Carriers have also shifted their strategies for dealing with the increased costs. In the fourth quarter of 2011, 43% of carriers indicated they were likely to have employees contribute more toward health costs. Now, carriers are more likely to implement wellness programs (44%) and health savings plans (30%).

Read the article here.

Hiring Qualified Employees at Critical Positions Proving Difficult

A recent article from TruckingInfo.com sites data from the second quarter TCP survey showing carriers having trouble finding qualified employees and drivers.

In the survey, sixty-five percent of carriers expressed difficulty finding qualified maintenance technicians. Furthermore, 30% stated they are having problems filling operations staff and fleet manager level positions.

“Good employees, at all levels, have always been the lifeblood of the industry,” says TCP partner Richard Mikes. “Now, as we see growth in demand on the horizon, excellent human resource management is critical.”

Carriers, because of these shortages of drivers, technicians, and fleet managers, remain concerned about adding capacity at this time. Seventy-percent of larger carriers, and 50% of smaller carriers, in the survey indicated they were having trouble finding qualified technicians.

Click here to read the full article from TruckingInfo.com.

New Fleet Investments Unlikely for Many Carriers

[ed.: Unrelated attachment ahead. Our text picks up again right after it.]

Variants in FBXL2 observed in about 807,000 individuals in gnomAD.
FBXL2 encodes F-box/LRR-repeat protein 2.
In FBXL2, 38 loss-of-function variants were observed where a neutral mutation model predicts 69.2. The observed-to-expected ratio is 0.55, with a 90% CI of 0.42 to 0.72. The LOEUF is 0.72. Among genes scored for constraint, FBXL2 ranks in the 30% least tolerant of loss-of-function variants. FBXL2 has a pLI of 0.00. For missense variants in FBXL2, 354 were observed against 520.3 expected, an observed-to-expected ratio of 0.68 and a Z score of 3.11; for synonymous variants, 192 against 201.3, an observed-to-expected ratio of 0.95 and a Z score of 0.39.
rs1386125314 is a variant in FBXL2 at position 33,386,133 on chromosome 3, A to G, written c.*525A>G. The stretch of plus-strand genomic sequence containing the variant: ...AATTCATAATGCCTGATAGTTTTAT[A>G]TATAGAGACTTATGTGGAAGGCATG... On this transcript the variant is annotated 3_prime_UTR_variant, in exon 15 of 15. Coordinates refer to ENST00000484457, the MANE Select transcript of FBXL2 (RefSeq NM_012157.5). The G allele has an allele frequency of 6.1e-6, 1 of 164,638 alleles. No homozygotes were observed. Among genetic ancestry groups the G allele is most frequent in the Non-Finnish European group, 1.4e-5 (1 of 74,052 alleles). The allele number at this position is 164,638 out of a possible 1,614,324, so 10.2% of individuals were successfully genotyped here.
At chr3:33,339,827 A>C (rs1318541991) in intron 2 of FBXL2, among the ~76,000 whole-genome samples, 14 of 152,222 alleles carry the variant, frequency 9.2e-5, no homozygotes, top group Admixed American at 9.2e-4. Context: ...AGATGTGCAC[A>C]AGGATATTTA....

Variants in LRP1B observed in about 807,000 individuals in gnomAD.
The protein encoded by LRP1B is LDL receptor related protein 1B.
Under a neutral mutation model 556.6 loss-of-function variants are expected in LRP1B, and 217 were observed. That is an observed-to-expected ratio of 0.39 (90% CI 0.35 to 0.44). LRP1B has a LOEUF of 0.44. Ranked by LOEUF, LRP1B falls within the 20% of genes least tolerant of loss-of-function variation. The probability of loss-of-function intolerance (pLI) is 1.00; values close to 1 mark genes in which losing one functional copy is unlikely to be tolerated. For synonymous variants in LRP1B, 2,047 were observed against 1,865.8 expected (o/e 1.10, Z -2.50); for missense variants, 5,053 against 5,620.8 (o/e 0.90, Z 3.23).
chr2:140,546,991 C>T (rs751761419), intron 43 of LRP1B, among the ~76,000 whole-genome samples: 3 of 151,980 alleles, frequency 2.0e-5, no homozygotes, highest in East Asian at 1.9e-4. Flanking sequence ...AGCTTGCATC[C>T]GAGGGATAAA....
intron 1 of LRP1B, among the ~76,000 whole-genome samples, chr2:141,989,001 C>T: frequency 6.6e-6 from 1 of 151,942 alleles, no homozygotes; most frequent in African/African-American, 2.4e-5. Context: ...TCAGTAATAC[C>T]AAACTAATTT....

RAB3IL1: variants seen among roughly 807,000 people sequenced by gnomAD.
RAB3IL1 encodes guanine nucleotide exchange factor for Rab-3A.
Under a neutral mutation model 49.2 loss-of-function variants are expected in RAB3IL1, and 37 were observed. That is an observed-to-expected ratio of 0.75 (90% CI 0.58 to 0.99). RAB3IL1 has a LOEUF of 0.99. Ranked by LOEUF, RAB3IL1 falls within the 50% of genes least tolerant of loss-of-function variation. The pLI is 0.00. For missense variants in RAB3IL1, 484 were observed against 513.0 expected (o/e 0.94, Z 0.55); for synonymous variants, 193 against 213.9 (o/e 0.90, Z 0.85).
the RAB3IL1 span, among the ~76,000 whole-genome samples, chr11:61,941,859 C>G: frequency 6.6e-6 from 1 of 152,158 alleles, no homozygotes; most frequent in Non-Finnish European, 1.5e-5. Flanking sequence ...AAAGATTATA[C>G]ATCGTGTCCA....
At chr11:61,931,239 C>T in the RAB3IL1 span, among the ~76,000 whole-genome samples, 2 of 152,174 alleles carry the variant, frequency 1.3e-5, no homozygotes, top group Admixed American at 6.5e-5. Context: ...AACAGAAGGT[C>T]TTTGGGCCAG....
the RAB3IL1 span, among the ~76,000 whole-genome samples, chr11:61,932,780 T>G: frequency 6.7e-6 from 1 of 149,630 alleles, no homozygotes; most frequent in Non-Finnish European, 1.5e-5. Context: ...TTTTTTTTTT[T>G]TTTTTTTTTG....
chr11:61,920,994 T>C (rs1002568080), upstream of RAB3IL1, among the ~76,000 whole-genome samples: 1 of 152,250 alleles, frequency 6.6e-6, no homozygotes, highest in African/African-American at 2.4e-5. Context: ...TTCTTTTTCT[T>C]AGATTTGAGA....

Recent articles from TodaysTrucking.com and TruckingInfo.com report that inadequate rates of return are keeping fleets from buying.

They share results from the second quarter TCP industry survey that show only slightly over 50 percent of carriers seeing returns on investments that can justify new equipment purchases. This figure is up just four percentage points from November 2012.

Additionally, one-third of all carriers reported having no current plans to add any new equipment. At this time, replacing aging fleets is the principle driver of most equipment investment.

“Higher equipment costs in recent years, combined with the lower utilization resulting from new HOS rules, will continue to make adequate returns on investment a challenge,” said Steven Dutro, TCP partner.

Read the complete articles here and here.

New HOS Leading to Tightening Capacity

TruckingInfo.com references data from the TCP second-quarter industry survey in their recent article. Survey results showed that almost 40% of carriers are expecting utilization to lower more than 5%. Just over 38% of carriers expect under a 5% change while only 3% expect no impact whatsoever. Strikingly, almost 19% of carriers have still not determined the full impact of these new regulations. Click here to read the full article.

Three-Quarters of Carriers Expecting Lower Utilization

TheTrucker.com reports that, with new hours of service regulations, in effect on July 1st, approximately 75% of carriers are expecting utilization to lower. The way shippers work to minimize the impact of these changes will also affect this tightening capacity.

“This potential reduction in truck capacity is hitting at the same time as spot rates are climbing, reflecting a stronger demand in June. Rates will likely increase further in the months ahead,” noted Richard Mikes, TCP Partner.

Full article here.